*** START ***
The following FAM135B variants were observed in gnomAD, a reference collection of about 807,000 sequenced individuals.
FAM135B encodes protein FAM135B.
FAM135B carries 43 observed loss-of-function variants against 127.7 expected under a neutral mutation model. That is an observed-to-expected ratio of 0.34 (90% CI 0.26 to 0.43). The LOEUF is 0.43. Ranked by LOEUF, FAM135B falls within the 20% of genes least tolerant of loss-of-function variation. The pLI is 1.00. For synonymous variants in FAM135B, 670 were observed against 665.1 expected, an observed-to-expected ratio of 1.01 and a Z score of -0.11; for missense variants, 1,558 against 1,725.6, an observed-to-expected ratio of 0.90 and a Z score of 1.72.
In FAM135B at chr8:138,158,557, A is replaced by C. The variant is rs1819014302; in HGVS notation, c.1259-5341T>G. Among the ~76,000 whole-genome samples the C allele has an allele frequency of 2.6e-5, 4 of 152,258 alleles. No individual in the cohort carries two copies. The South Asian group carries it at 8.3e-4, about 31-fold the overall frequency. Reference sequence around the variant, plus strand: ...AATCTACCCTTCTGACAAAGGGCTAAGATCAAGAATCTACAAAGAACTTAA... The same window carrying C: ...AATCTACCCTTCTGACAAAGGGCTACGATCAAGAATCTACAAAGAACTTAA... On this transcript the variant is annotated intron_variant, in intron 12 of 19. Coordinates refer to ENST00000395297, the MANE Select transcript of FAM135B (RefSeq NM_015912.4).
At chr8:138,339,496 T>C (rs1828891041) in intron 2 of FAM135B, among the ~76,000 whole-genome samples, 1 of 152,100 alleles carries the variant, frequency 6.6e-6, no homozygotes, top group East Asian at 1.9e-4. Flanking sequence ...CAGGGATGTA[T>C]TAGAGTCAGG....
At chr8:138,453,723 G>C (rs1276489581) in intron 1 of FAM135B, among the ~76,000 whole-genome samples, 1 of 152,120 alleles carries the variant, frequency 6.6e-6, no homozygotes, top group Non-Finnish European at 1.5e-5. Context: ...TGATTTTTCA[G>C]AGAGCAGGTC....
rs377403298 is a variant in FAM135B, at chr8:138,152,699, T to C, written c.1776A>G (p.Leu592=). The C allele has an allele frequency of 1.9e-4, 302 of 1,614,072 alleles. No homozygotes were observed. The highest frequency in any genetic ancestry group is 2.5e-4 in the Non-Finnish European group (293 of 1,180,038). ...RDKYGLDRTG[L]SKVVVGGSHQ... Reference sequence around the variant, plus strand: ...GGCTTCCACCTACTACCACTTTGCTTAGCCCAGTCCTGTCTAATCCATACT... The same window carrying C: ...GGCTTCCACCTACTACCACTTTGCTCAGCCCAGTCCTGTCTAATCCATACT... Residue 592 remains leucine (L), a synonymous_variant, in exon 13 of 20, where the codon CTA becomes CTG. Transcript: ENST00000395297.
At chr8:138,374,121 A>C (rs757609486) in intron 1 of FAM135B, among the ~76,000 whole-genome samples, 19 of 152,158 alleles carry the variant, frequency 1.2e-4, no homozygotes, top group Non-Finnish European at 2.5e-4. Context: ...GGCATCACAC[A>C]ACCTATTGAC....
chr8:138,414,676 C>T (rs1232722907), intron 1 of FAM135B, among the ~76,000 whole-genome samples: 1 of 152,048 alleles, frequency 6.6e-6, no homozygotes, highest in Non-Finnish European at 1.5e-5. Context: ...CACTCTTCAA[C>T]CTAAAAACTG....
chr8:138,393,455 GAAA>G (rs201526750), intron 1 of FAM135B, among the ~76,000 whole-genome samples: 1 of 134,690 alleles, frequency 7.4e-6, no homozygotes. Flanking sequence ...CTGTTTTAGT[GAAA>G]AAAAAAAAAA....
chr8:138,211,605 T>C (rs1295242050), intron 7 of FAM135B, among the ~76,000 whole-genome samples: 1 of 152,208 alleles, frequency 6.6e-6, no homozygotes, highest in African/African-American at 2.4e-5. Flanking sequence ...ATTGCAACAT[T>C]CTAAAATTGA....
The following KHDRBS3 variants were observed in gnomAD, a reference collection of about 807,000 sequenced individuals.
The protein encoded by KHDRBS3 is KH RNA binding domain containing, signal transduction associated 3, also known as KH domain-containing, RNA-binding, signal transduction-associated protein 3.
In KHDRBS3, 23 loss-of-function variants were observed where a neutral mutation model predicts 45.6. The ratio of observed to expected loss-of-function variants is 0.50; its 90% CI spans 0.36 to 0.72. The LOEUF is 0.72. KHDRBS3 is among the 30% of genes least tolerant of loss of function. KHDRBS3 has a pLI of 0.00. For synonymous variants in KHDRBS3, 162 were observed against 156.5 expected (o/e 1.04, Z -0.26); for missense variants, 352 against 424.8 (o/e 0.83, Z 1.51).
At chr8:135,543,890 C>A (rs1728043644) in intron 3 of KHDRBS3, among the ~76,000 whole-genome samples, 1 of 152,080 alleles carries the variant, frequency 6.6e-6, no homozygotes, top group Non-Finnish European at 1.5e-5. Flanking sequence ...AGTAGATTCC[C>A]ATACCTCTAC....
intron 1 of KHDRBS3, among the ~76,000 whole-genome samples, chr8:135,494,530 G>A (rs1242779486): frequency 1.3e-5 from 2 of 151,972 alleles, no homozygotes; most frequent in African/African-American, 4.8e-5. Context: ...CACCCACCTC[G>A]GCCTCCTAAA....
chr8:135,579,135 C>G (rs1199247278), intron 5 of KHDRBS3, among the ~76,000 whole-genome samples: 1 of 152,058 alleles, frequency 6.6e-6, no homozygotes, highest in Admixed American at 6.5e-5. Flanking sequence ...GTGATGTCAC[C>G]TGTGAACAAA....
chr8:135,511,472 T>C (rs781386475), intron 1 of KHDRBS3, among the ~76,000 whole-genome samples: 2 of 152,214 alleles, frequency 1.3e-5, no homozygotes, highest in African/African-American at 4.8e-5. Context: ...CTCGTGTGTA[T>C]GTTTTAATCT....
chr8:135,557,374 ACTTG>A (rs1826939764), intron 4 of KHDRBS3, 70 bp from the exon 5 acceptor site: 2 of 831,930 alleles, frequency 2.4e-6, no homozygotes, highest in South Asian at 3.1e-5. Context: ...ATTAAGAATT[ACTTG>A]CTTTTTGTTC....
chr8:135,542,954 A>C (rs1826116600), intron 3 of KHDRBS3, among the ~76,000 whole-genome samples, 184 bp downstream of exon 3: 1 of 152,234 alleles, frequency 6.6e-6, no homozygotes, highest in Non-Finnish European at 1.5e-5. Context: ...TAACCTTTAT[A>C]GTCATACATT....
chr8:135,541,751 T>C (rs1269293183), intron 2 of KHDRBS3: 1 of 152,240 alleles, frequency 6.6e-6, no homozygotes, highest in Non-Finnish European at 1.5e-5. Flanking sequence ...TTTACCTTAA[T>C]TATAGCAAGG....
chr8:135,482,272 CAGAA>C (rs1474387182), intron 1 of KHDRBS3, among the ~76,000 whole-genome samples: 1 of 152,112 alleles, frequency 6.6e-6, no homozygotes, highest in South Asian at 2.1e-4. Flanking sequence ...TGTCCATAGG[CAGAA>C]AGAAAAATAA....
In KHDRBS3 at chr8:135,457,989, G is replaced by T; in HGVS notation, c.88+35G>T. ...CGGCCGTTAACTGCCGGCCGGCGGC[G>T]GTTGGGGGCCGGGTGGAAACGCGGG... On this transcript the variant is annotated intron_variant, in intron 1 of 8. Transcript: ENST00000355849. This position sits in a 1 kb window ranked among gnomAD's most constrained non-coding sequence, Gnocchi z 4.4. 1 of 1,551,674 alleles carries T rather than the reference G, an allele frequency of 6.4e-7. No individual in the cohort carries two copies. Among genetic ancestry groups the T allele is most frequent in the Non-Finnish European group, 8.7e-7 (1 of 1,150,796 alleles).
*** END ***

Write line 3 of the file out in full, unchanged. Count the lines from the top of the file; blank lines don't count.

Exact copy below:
FAM135B carries 43 observed loss-of-function variants against 127.7 expected under a neutral mutation model. That is an observed-to-expected ratio of 0.34 (90% CI 0.26 to 0.43). The LOEUF is 0.43. Ranked by LOEUF, FAM135B falls within the 20% of genes least tolerant of loss-of-function variation. The pLI is 1.00. For synonymous variants in FAM135B, 670 were observed against 665.1 expected, an observed-to-expected ratio of 1.01 and a Z score of -0.11; for missense variants, 1,558 against 1,725.6, an observed-to-expected ratio of 0.90 and a Z score of 1.72.